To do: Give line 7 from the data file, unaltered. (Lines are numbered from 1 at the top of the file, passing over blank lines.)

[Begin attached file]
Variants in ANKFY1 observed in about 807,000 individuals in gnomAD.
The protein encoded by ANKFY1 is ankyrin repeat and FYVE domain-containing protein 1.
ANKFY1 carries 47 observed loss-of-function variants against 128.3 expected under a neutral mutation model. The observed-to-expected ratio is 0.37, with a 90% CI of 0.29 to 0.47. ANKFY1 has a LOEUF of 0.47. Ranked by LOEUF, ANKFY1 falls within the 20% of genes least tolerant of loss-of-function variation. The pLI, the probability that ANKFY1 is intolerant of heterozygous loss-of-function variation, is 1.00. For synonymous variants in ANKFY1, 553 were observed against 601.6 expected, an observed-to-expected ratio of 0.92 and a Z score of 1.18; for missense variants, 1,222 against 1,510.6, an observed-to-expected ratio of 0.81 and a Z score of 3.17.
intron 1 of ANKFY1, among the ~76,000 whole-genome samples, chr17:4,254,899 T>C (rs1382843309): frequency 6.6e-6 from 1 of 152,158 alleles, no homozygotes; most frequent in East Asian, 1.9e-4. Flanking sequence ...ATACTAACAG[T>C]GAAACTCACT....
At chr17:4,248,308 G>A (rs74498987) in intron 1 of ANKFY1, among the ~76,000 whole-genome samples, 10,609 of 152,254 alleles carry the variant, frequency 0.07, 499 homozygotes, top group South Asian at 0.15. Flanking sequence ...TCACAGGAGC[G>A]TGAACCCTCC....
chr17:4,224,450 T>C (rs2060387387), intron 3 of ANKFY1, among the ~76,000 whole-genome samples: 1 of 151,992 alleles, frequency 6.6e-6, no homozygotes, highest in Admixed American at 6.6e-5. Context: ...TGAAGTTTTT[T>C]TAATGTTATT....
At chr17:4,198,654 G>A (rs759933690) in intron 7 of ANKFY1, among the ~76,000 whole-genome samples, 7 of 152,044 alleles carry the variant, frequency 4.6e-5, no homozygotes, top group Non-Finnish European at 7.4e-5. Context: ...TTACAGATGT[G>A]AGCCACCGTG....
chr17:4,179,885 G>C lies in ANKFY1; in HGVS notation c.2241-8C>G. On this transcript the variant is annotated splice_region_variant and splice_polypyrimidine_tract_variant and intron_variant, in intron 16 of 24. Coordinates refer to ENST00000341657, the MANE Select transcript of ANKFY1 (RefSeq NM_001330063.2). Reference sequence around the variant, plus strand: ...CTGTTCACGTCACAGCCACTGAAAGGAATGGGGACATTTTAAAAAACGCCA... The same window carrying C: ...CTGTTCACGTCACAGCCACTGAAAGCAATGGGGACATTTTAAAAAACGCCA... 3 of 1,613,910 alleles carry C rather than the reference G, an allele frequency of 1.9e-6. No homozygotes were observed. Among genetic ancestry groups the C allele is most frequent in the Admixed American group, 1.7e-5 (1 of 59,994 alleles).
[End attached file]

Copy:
At chr17:4,198,654 G>A (rs759933690) in intron 7 of ANKFY1, among the ~76,000 whole-genome samples, 7 of 152,044 alleles carry the variant, frequency 4.6e-5, no homozygotes, top group Non-Finnish European at 7.4e-5. Context: ...TTACAGATGT[G>A]AGCCACCGTG....